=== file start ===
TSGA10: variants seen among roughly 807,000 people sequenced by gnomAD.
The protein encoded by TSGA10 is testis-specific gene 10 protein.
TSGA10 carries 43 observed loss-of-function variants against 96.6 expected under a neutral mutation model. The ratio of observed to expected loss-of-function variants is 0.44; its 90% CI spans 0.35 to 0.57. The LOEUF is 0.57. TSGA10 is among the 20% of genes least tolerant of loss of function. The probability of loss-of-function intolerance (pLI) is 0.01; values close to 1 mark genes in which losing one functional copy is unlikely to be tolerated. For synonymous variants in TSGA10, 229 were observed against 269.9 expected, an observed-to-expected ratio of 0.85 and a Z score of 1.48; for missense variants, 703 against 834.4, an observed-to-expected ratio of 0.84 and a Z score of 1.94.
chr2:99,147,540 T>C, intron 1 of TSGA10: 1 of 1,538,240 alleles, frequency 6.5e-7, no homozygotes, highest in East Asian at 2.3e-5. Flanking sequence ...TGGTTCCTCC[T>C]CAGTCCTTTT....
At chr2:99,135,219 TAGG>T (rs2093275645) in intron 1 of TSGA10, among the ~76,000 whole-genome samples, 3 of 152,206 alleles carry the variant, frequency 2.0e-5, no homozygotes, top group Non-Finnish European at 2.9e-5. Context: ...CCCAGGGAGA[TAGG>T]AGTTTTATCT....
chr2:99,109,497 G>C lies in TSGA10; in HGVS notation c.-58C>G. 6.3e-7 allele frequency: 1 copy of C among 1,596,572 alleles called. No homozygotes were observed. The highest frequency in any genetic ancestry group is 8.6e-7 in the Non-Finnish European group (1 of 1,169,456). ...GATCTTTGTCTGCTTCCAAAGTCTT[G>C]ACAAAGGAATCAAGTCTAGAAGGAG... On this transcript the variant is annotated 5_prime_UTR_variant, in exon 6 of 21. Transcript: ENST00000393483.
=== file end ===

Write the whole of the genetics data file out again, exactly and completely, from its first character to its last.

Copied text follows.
TSGA10: variants seen among roughly 807,000 people sequenced by gnomAD.
The protein encoded by TSGA10 is testis-specific gene 10 protein.
TSGA10 carries 43 observed loss-of-function variants against 96.6 expected under a neutral mutation model. The ratio of observed to expected loss-of-function variants is 0.44; its 90% CI spans 0.35 to 0.57. The LOEUF is 0.57. TSGA10 is among the 20% of genes least tolerant of loss of function. The probability of loss-of-function intolerance (pLI) is 0.01; values close to 1 mark genes in which losing one functional copy is unlikely to be tolerated. For synonymous variants in TSGA10, 229 were observed against 269.9 expected, an observed-to-expected ratio of 0.85 and a Z score of 1.48; for missense variants, 703 against 834.4, an observed-to-expected ratio of 0.84 and a Z score of 1.94.
chr2:99,147,540 T>C, intron 1 of TSGA10: 1 of 1,538,240 alleles, frequency 6.5e-7, no homozygotes, highest in East Asian at 2.3e-5. Flanking sequence ...TGGTTCCTCC[T>C]CAGTCCTTTT....
At chr2:99,135,219 TAGG>T (rs2093275645) in intron 1 of TSGA10, among the ~76,000 whole-genome samples, 3 of 152,206 alleles carry the variant, frequency 2.0e-5, no homozygotes, top group Non-Finnish European at 2.9e-5. Context: ...CCCAGGGAGA[TAGG>T]AGTTTTATCT....
chr2:99,109,497 G>C lies in TSGA10; in HGVS notation c.-58C>G. 6.3e-7 allele frequency: 1 copy of C among 1,596,572 alleles called. No homozygotes were observed. The highest frequency in any genetic ancestry group is 8.6e-7 in the Non-Finnish European group (1 of 1,169,456). ...GATCTTTGTCTGCTTCCAAAGTCTT[G>C]ACAAAGGAATCAAGTCTAGAAGGAG... On this transcript the variant is annotated 5_prime_UTR_variant, in exon 6 of 21. Transcript: ENST00000393483.